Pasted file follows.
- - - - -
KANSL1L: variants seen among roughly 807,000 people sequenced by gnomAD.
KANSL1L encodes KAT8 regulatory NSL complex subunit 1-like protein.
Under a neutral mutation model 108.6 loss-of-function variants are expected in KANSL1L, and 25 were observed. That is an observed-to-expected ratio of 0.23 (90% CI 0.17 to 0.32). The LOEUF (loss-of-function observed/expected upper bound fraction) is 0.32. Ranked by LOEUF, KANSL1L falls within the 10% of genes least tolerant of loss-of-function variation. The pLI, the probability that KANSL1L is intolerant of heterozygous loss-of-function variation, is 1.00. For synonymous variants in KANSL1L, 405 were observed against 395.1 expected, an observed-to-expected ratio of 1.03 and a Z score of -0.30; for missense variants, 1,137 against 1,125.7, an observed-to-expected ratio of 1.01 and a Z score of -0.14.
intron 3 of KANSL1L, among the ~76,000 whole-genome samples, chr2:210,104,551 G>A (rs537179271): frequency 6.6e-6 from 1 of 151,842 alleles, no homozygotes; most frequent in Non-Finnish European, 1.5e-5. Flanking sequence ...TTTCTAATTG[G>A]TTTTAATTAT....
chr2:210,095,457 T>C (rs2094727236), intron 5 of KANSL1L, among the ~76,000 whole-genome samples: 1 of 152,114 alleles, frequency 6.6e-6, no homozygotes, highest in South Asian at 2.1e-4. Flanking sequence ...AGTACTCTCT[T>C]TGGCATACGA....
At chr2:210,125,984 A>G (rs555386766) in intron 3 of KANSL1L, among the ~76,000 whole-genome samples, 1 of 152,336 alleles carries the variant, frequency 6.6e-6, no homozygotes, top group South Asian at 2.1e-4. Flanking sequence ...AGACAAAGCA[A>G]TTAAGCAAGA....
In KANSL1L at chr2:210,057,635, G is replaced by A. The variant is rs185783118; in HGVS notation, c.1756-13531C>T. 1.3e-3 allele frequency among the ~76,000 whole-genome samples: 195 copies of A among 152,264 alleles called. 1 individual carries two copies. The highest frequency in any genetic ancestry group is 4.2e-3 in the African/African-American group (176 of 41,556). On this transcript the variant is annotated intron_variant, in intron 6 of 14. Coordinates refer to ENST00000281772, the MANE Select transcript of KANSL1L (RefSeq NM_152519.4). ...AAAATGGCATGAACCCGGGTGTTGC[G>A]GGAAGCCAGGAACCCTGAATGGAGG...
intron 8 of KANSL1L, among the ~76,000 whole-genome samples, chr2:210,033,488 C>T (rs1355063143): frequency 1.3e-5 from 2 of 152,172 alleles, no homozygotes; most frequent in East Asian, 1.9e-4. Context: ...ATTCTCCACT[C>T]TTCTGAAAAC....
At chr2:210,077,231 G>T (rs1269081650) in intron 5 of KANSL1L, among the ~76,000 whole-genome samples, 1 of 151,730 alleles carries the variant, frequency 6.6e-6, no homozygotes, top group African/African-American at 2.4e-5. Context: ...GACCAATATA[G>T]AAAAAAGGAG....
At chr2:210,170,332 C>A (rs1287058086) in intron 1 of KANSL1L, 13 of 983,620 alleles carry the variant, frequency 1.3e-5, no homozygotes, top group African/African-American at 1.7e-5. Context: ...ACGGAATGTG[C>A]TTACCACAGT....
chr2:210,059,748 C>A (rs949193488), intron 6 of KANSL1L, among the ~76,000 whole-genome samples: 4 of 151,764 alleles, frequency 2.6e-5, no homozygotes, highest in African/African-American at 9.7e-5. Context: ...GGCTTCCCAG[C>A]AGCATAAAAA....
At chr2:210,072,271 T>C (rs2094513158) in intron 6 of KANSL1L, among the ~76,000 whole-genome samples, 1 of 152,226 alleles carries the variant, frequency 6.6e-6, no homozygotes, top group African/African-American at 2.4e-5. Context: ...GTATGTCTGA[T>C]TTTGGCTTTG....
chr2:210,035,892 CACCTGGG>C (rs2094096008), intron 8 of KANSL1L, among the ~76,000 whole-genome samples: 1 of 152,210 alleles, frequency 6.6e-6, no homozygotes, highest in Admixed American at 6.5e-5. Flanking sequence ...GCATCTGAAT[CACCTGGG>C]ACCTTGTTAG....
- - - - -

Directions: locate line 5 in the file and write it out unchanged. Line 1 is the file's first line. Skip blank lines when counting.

chr2:210,095,457 T>C (rs2094727236), intron 5 of KANSL1L, among the ~76,000 whole-genome samples: 1 of 152,114 alleles, frequency 6.6e-6, no homozygotes, highest in South Asian at 2.1e-4. Flanking sequence ...AGTACTCTCT[T>C]TGGCATACGA....